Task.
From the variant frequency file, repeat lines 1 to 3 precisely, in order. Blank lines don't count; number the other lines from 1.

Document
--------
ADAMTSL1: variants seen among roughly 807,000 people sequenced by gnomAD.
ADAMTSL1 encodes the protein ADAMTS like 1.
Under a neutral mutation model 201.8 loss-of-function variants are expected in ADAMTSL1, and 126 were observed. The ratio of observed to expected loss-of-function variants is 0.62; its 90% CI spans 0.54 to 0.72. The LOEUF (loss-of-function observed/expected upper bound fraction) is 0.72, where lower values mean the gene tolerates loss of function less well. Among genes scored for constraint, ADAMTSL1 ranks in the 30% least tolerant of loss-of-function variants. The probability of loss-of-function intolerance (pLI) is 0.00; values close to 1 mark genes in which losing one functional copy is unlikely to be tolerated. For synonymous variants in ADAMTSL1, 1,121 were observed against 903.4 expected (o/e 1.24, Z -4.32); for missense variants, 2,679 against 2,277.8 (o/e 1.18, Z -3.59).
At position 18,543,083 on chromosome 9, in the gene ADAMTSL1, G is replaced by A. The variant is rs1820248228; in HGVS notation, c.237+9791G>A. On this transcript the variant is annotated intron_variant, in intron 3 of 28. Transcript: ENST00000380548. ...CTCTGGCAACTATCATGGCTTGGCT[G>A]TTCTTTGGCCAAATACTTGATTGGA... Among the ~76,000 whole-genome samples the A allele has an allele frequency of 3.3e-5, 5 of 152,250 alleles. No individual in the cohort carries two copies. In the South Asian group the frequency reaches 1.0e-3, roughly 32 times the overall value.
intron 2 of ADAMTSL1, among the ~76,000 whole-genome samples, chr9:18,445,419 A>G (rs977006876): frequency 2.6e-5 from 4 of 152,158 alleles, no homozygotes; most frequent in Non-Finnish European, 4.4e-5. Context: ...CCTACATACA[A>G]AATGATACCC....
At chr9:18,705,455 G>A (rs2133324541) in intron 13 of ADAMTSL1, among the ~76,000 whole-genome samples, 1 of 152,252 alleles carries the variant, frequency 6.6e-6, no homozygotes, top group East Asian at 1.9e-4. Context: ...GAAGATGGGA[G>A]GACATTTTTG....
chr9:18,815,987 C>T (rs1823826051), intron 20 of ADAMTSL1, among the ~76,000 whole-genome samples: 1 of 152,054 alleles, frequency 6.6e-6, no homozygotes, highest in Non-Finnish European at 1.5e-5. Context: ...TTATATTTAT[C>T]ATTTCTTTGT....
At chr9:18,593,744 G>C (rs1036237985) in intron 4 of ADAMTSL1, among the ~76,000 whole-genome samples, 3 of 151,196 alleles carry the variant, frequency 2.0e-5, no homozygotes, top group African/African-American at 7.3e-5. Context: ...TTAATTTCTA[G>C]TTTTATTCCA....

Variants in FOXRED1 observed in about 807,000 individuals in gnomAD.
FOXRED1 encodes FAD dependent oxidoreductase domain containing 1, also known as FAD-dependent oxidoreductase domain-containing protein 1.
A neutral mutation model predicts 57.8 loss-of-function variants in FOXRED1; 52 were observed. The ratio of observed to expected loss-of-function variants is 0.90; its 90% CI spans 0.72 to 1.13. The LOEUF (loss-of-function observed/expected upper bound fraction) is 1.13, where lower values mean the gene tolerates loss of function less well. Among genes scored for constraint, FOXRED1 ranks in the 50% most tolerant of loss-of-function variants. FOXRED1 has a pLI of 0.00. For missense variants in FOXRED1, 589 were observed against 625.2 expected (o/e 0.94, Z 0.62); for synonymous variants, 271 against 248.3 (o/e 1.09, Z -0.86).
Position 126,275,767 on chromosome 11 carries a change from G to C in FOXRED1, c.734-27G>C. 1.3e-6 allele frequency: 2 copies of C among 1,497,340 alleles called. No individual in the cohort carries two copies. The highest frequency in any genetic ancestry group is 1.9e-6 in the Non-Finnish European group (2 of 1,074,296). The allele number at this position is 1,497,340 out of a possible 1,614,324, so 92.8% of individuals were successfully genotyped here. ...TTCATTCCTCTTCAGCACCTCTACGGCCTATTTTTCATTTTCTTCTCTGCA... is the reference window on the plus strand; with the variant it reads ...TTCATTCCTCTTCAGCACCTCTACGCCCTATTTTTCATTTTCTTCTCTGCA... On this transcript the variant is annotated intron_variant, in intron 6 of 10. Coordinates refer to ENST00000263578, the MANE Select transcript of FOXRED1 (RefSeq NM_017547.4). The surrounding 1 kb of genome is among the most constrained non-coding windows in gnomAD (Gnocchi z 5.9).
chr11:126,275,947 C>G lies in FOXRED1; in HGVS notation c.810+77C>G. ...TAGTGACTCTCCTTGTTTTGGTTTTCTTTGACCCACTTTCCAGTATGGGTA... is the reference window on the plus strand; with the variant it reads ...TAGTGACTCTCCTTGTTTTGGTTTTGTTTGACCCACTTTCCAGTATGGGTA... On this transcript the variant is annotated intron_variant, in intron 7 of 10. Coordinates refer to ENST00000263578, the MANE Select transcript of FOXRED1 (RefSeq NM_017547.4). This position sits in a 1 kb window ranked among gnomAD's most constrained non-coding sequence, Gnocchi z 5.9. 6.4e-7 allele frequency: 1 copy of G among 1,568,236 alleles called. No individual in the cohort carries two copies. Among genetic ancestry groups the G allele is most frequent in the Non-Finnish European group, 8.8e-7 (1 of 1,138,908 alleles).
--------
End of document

ADAMTSL1: variants seen among roughly 807,000 people sequenced by gnomAD.
ADAMTSL1 encodes the protein ADAMTS like 1.
Under a neutral mutation model 201.8 loss-of-function variants are expected in ADAMTSL1, and 126 were observed. The ratio of observed to expected loss-of-function variants is 0.62; its 90% CI spans 0.54 to 0.72. The LOEUF (loss-of-function observed/expected upper bound fraction) is 0.72, where lower values mean the gene tolerates loss of function less well. Among genes scored for constraint, ADAMTSL1 ranks in the 30% least tolerant of loss-of-function variants. The probability of loss-of-function intolerance (pLI) is 0.00; values close to 1 mark genes in which losing one functional copy is unlikely to be tolerated. For synonymous variants in ADAMTSL1, 1,121 were observed against 903.4 expected (o/e 1.24, Z -4.32); for missense variants, 2,679 against 2,277.8 (o/e 1.18, Z -3.59).